Tuesday, October 11, 2011

Being Addicted to Investing

Now that I have started investing in companies through the Toronto Stock Exchange (The TSX), I have begun to constantly wish that I had more to invest.

If I only had more, I would be able to take advantage of the growth and passive income opportunities of the market!

But then again, I have to live my life, pay my rent, buy groceries, pay bills, and all the other 'fun' things that people do these days.

How do you know you're investing too much, let alone too much in a single company?

I believe that if you put more then 50% of your income into stocks, you are either crazy, or absolutely driven. Both of these states are very risky, and you can lose control very easily.
I'd like to make it clear that I am currently one of these 'crazy or driven' people.

Some of the things that 'driven' investors may do:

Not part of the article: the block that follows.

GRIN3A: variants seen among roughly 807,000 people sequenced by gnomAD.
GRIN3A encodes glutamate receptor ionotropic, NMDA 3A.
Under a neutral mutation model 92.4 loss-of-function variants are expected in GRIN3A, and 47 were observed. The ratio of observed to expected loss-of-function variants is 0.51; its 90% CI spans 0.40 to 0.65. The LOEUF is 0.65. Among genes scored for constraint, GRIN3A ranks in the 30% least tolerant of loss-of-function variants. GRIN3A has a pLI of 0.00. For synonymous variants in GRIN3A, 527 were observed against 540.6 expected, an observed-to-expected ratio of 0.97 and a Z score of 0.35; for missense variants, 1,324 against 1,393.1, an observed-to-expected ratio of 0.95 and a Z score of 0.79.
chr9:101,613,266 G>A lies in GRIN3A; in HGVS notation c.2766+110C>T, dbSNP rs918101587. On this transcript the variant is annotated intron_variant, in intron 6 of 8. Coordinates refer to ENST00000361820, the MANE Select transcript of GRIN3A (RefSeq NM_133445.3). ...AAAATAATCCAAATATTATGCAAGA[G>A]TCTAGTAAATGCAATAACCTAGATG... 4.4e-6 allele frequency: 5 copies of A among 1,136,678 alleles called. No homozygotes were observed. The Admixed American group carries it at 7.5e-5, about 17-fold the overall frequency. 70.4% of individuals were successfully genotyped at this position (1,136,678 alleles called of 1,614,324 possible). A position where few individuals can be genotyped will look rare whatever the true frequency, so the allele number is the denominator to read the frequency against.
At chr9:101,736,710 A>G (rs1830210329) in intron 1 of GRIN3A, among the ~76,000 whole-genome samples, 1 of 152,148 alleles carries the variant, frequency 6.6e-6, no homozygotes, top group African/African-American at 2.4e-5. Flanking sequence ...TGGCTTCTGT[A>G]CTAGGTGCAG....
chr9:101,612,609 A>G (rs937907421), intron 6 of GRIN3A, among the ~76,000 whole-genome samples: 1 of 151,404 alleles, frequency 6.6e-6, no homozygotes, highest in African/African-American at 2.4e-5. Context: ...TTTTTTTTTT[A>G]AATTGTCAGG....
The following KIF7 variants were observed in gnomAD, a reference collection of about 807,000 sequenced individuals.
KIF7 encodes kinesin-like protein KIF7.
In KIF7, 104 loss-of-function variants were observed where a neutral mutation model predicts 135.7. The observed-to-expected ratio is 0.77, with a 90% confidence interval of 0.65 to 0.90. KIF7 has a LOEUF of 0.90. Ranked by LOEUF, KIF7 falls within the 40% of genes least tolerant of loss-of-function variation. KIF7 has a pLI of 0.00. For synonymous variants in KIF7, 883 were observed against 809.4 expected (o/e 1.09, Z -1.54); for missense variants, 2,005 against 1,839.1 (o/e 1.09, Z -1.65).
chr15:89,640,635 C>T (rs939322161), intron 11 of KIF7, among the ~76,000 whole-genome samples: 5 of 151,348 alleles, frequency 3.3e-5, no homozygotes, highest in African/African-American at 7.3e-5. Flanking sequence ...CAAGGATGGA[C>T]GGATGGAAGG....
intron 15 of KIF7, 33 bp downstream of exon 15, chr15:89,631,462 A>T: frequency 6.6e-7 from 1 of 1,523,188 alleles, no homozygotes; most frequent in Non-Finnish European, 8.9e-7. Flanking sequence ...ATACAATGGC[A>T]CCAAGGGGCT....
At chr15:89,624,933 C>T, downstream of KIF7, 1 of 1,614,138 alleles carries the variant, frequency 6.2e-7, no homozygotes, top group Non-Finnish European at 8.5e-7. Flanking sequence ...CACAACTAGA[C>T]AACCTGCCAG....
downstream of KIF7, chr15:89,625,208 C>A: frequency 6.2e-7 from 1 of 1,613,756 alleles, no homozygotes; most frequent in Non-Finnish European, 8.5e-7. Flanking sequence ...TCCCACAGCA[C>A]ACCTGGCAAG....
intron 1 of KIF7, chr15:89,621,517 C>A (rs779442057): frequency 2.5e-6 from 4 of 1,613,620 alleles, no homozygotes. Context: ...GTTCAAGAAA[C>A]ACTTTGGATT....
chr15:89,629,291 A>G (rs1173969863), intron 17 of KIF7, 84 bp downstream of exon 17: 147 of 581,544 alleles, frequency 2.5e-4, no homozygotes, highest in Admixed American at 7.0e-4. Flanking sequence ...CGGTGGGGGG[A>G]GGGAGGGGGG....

• Take a loan to invest.
  • Sell low value objects to secure funds for investment.
  • Bypass low-cost opportunities that may enrich their lives in non-financial ways.
  • Lower their cost of living to sub-poverty levels to free up funds.
  • Take a second job for that 'little bit extra'.

All of these habits are similar to what someone with a substance abuse problem would do to secure funds for their next 'fix'.

Investing is a positive thing. Taking a Tylenol for pain occasionally is also a positive thing. They both improve quality of life.

But if you need to invest, and it drives you like a burning craving in your soul, perhaps it is time to step back and take a look at your plan. Does it really make a difference if you sell the $10 coffee gift card you received for your birthday just to buy one more share of EXE.UN ?

I guarantee you there are a few investors who would say yes.

And I would like to say right now, that there are more important things then having that one more share.

  • Go outside.
  • Walk to the library, and read a novel.
  • Meet for coffee with an old friend.
  • Paint a picture.
  • Have a family member over for dinner.

Make the most of your life, and enjoy the low-cost activities that are available to you.

After all, that share may eventually help pay for your work-free lifestyle, but it will never bring back the people, places, and experiences that you are able to have today.


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